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April 16, 1956

UNITED STATES of America, Petitioner,
Gilbert GREEN, Respondent

The opinion of the court was delivered by: DAWSON

This proceeding was brought on by an order to show cause duly served upon the respondent directing him to show cause why he should not be adjudged and held in criminal contempt of this Court by reason of the fact that he knowingly and deliberately disobeyed and resisted a lawful order and command of this Court directing him to appear before it on July 2, 1951 and July 3, 1951 for surrender in execution of the judgment and sentence imposed under indictment C 128-87.

Respondent was convicted in this Court, after a long trial before Judge Medina, of conspiring to teach and advocate the overthrow of the government by force and violence, 18 U.S.C.A. § 2385, and pending appeal from his conviction, was ordered released on bail. The conviction was sustained by the Court of Appeals, 2 Cir., 183 F.2d 201, and on June 4, 1951, the Supreme Court affirmed his conviction. Dennis v. United States, 341 U.S. 494, 71 S. Ct. 857, 95 L. Ed. 1137. A proposed order on mandate requiring his appearance for surrender to the United States Marshal on July 2, 1951 was served upon his counsel on June 28, 1951. Respondent did not appear on July 2, 1951, and attempts thereafter to execute a bench warrant at his stated address failed.

 Respondent was arraigned and pleaded not guilty to the charge of contempt, and the issues were tried by the Court without a jury pursuant to Federal Rules of Criminal Procedure, Rule 42, 18 U.S.C.A.

 The evidence showed that the order of Judge Ryan of July 2, 1951 required the respondent to surrender personally to the United States Marshal for the Southern District of New York. There is no doubt that respondent did not surrender for over four years, or not until February 27, 1956 when he surrendered himself for commitment at the United States Courthouse in New York, N.Y.

 The evidence was sufficient to establish, beyond a reasonable doubt, that the respondent knowingly disobeyed the order of Judge Ryan. The evidence showed that Mr. Sacher, an attorney in the case, personally advised the respondent on June 29th that he had to be in Court on July 2, 1951. There was other evidence that thereafter, but before July 2, respondent left his New York City address and was not seen there again. There was further evidence that several days before respondent surrendered, he issued a written statement to the press admittedly signed by him which conclusively established that he had remained in hiding in order to avoid serving the sentence to which he had been committed. Furthermore, on the day on which he surrendered, respondent made statements to the reporters who were present on the Courthouse steps which also conclusively established that he had knowingly and willfully absented himself so as to avoid serving a sentence which he knew had been imposed upon him.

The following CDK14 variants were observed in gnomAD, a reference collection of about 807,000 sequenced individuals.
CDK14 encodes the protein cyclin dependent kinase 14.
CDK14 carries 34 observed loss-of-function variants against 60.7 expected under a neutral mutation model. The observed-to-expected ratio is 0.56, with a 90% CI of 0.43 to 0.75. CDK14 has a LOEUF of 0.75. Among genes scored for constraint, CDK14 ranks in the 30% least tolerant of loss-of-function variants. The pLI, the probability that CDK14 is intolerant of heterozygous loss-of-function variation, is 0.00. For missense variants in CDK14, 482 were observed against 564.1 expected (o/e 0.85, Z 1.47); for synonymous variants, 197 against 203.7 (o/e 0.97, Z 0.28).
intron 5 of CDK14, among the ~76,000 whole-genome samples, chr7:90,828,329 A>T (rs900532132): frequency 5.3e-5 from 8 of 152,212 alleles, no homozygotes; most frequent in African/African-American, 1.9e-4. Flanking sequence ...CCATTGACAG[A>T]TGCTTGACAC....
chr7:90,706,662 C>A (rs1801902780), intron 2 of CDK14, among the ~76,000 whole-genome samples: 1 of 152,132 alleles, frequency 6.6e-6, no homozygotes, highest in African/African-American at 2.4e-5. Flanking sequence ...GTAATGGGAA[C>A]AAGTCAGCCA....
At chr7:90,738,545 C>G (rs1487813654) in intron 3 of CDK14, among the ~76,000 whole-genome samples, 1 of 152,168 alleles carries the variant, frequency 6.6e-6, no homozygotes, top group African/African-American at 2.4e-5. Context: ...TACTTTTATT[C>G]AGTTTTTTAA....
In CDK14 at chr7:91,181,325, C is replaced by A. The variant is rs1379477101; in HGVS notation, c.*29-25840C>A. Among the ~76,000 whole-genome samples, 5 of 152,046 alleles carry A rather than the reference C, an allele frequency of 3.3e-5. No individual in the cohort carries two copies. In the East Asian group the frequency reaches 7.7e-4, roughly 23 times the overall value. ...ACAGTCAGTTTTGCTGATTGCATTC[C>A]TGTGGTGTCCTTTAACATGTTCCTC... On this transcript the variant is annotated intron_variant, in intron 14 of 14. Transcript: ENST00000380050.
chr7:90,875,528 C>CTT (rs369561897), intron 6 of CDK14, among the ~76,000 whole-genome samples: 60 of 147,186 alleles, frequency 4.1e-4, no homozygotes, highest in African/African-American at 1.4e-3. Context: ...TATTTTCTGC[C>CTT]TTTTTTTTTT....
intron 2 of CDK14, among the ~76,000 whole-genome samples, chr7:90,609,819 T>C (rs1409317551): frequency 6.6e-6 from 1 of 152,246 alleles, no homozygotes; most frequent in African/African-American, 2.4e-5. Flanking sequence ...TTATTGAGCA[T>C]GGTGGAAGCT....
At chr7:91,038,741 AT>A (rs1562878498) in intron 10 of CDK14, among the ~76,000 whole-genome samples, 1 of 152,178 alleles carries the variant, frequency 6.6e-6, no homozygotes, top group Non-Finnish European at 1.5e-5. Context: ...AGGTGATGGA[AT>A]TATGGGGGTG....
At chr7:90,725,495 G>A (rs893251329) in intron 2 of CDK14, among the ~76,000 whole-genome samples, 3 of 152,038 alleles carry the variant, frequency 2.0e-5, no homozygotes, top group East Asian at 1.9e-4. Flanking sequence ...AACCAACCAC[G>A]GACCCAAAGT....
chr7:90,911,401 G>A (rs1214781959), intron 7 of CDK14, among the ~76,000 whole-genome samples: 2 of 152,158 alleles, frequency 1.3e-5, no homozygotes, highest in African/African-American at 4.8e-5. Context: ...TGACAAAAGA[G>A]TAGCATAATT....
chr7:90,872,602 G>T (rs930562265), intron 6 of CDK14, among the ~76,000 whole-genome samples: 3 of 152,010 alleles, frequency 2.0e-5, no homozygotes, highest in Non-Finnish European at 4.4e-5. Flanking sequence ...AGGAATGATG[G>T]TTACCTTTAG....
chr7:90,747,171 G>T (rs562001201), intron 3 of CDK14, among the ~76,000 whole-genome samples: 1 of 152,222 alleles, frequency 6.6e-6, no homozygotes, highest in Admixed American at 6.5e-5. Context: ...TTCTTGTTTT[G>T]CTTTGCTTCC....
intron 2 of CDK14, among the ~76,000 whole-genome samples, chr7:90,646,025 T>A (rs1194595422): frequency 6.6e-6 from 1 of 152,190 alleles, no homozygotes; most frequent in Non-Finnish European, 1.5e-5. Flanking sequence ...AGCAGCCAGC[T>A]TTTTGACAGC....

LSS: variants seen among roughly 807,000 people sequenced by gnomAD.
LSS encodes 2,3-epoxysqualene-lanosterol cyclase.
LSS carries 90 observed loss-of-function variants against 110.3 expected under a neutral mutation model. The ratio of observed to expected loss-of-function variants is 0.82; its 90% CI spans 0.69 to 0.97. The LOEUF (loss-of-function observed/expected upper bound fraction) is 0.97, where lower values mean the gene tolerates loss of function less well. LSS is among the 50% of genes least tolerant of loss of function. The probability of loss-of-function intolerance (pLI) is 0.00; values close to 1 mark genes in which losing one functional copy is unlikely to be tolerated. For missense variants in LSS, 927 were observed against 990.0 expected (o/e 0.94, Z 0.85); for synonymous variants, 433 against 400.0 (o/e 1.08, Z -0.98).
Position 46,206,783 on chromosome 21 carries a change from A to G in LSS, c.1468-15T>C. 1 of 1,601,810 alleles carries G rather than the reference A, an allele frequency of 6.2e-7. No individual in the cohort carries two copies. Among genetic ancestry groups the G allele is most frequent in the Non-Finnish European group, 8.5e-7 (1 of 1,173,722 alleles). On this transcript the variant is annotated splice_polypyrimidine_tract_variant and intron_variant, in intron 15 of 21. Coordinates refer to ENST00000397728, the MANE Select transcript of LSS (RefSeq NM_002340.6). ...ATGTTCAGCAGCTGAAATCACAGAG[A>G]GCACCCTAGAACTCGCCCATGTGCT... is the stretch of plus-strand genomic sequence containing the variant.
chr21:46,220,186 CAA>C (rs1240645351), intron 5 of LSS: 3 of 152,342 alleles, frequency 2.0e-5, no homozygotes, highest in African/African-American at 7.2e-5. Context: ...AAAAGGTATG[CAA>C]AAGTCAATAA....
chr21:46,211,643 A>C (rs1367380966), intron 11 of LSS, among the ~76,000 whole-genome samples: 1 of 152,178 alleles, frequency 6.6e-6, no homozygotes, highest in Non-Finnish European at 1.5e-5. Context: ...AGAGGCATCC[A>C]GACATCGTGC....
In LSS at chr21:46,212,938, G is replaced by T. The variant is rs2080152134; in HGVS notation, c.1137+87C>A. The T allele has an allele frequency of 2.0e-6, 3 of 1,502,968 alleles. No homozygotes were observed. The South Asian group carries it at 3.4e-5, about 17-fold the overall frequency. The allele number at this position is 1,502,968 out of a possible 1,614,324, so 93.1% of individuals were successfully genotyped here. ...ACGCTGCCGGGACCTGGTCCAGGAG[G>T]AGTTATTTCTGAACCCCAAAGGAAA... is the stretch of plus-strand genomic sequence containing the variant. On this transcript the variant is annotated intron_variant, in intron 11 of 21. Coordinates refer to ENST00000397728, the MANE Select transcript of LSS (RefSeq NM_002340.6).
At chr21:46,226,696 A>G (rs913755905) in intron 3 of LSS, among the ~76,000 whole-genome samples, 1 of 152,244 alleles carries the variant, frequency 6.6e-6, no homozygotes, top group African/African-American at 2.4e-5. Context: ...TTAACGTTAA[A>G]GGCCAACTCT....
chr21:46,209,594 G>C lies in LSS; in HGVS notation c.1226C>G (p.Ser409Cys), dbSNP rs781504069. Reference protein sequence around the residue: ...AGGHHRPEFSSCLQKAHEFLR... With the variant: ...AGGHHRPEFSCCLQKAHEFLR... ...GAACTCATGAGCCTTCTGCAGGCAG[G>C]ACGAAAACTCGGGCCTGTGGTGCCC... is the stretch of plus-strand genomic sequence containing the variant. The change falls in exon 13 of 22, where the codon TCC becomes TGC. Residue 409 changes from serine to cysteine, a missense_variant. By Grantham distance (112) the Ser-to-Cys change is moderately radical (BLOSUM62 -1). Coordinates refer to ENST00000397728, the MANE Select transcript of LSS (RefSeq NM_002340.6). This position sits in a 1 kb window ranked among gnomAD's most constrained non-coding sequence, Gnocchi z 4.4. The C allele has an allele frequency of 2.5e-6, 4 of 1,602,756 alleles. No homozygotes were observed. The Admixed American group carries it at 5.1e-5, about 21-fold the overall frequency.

From the testimony, the Court found as a fact that respondent had notice of the order and willfully disobeyed it. See United States v. Hall, 2 Cir., 1952, 198 F.2d 726, certiorari denied 1953, 345 U.S. 905, 73 S. Ct. 641, 97 L. Ed. 1341.

 Respondent then contended that the Court was without power to impose a sentence for contempt of Court of more than one year, and this opinion deals primarily with that question.

 § 401 of 18 U.S.C.A. provides that

 'A court of the United States shall have power to punish by fine or imprisonment, at its discretion, such contempt of its authority, and none other, as --

 '(3) disobedience or resistance to its lawful writ, process, order, rule, decree, or command.'

 It is the argument of the respondent that this provision is not a grant of unlimited power to the Court, but that the discretion of the Court is confined to punishment for a misdemeanor, as defined in § 1 of Tit. 18 U.S.C.A., i.e., a crime punishable by imprisonment for not more than one year. Respondent argues that at Common Law, contempt was considered to be a misdemeanor; and that if 401 is construed to authorize the punishment of contempt by a term of more than one year, it would violate that provision of the Fifth Amendment to the United States Constitution which provides that:

 'No person shall be held to answer for a capital or otherwise infamous crime, unless on a presentment or indictment of a Grand Jury.'

 This argument presupposes that criminal contempt is an 'infamous crime' within the meaning of those words as used in the Fifth Amendment.

 While, for certain purposes, contempt cases may be considered criminal cases, it has been well established that 'proceedings in contempt may be said to be sui generis'. O'Neal v. United States, 1903, 190 U.S. 36, 23 S. Ct. 776, 777, 47 L. Ed. 945. *fn1" The Court of Appeals for the Eighth Circuit in a case which raised the point now urged by the respondent decided that a criminal contempt is an 'offense' and ...

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